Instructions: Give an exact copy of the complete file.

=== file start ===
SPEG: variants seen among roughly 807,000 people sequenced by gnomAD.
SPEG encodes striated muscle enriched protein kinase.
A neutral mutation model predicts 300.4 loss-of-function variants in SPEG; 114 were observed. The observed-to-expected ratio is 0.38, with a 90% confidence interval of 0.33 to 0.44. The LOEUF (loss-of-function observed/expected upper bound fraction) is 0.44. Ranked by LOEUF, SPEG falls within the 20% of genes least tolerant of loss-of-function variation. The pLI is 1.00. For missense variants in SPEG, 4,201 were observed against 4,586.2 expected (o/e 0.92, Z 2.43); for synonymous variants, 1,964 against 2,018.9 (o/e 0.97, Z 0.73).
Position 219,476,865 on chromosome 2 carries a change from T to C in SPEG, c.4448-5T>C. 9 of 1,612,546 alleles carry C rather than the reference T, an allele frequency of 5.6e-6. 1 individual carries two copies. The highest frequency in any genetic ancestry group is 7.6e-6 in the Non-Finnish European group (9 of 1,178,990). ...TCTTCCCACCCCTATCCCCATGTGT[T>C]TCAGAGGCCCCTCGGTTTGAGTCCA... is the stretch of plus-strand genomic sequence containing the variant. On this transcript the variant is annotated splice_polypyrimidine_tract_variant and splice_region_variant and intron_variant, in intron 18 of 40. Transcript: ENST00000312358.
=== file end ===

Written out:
SPEG: variants seen among roughly 807,000 people sequenced by gnomAD.
SPEG encodes striated muscle enriched protein kinase.
A neutral mutation model predicts 300.4 loss-of-function variants in SPEG; 114 were observed. The observed-to-expected ratio is 0.38, with a 90% confidence interval of 0.33 to 0.44. The LOEUF (loss-of-function observed/expected upper bound fraction) is 0.44. Ranked by LOEUF, SPEG falls within the 20% of genes least tolerant of loss-of-function variation. The pLI is 1.00. For missense variants in SPEG, 4,201 were observed against 4,586.2 expected (o/e 0.92, Z 2.43); for synonymous variants, 1,964 against 2,018.9 (o/e 0.97, Z 0.73).
Position 219,476,865 on chromosome 2 carries a change from T to C in SPEG, c.4448-5T>C. 9 of 1,612,546 alleles carry C rather than the reference T, an allele frequency of 5.6e-6. 1 individual carries two copies. The highest frequency in any genetic ancestry group is 7.6e-6 in the Non-Finnish European group (9 of 1,178,990). ...TCTTCCCACCCCTATCCCCATGTGT[T>C]TCAGAGGCCCCTCGGTTTGAGTCCA... is the stretch of plus-strand genomic sequence containing the variant. On this transcript the variant is annotated splice_polypyrimidine_tract_variant and splice_region_variant and intron_variant, in intron 18 of 40. Transcript: ENST00000312358.